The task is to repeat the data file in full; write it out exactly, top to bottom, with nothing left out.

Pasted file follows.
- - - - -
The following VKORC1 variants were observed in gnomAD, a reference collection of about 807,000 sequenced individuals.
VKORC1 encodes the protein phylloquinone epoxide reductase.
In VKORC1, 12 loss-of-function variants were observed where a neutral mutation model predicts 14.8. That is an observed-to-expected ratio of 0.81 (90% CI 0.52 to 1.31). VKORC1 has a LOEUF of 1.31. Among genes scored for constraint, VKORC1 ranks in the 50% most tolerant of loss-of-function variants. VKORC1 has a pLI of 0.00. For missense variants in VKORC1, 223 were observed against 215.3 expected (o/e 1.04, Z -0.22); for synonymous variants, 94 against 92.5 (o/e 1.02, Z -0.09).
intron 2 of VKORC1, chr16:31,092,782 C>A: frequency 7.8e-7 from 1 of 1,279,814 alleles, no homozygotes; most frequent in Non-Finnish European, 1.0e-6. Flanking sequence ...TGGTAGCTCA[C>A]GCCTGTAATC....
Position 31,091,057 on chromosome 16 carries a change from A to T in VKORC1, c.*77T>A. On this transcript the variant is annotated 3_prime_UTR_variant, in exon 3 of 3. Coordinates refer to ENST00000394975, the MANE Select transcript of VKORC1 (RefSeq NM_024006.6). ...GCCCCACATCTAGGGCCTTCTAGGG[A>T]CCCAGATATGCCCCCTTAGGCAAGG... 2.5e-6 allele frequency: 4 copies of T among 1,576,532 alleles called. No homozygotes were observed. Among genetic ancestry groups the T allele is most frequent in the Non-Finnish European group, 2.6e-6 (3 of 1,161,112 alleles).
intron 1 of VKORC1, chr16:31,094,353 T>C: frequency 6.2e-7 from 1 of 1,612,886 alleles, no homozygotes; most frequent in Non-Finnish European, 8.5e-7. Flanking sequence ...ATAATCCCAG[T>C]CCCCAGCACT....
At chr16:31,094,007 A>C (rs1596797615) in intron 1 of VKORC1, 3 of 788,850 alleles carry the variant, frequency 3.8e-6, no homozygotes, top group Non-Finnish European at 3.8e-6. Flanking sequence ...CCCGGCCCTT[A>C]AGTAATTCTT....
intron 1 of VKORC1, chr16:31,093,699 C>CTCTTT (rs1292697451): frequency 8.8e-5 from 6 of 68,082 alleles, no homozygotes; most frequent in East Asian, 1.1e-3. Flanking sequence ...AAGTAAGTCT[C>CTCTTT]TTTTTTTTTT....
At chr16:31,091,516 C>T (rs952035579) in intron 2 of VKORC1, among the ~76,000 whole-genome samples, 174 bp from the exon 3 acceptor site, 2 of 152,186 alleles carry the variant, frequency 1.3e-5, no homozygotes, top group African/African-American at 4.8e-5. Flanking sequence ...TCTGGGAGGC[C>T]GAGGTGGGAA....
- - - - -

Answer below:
The following VKORC1 variants were observed in gnomAD, a reference collection of about 807,000 sequenced individuals.
VKORC1 encodes the protein phylloquinone epoxide reductase.
In VKORC1, 12 loss-of-function variants were observed where a neutral mutation model predicts 14.8. That is an observed-to-expected ratio of 0.81 (90% CI 0.52 to 1.31). VKORC1 has a LOEUF of 1.31. Among genes scored for constraint, VKORC1 ranks in the 50% most tolerant of loss-of-function variants. VKORC1 has a pLI of 0.00. For missense variants in VKORC1, 223 were observed against 215.3 expected (o/e 1.04, Z -0.22); for synonymous variants, 94 against 92.5 (o/e 1.02, Z -0.09).
intron 2 of VKORC1, chr16:31,092,782 C>A: frequency 7.8e-7 from 1 of 1,279,814 alleles, no homozygotes; most frequent in Non-Finnish European, 1.0e-6. Flanking sequence ...TGGTAGCTCA[C>A]GCCTGTAATC....
Position 31,091,057 on chromosome 16 carries a change from A to T in VKORC1, c.*77T>A. On this transcript the variant is annotated 3_prime_UTR_variant, in exon 3 of 3. Coordinates refer to ENST00000394975, the MANE Select transcript of VKORC1 (RefSeq NM_024006.6). ...GCCCCACATCTAGGGCCTTCTAGGG[A>T]CCCAGATATGCCCCCTTAGGCAAGG... 2.5e-6 allele frequency: 4 copies of T among 1,576,532 alleles called. No homozygotes were observed. Among genetic ancestry groups the T allele is most frequent in the Non-Finnish European group, 2.6e-6 (3 of 1,161,112 alleles).
intron 1 of VKORC1, chr16:31,094,353 T>C: frequency 6.2e-7 from 1 of 1,612,886 alleles, no homozygotes; most frequent in Non-Finnish European, 8.5e-7. Flanking sequence ...ATAATCCCAG[T>C]CCCCAGCACT....
At chr16:31,094,007 A>C (rs1596797615) in intron 1 of VKORC1, 3 of 788,850 alleles carry the variant, frequency 3.8e-6, no homozygotes, top group Non-Finnish European at 3.8e-6. Flanking sequence ...CCCGGCCCTT[A>C]AGTAATTCTT....
intron 1 of VKORC1, chr16:31,093,699 C>CTCTTT (rs1292697451): frequency 8.8e-5 from 6 of 68,082 alleles, no homozygotes; most frequent in East Asian, 1.1e-3. Flanking sequence ...AAGTAAGTCT[C>CTCTTT]TTTTTTTTTT....
At chr16:31,091,516 C>T (rs952035579) in intron 2 of VKORC1, among the ~76,000 whole-genome samples, 174 bp from the exon 3 acceptor site, 2 of 152,186 alleles carry the variant, frequency 1.3e-5, no homozygotes, top group African/African-American at 4.8e-5. Flanking sequence ...TCTGGGAGGC[C>T]GAGGTGGGAA....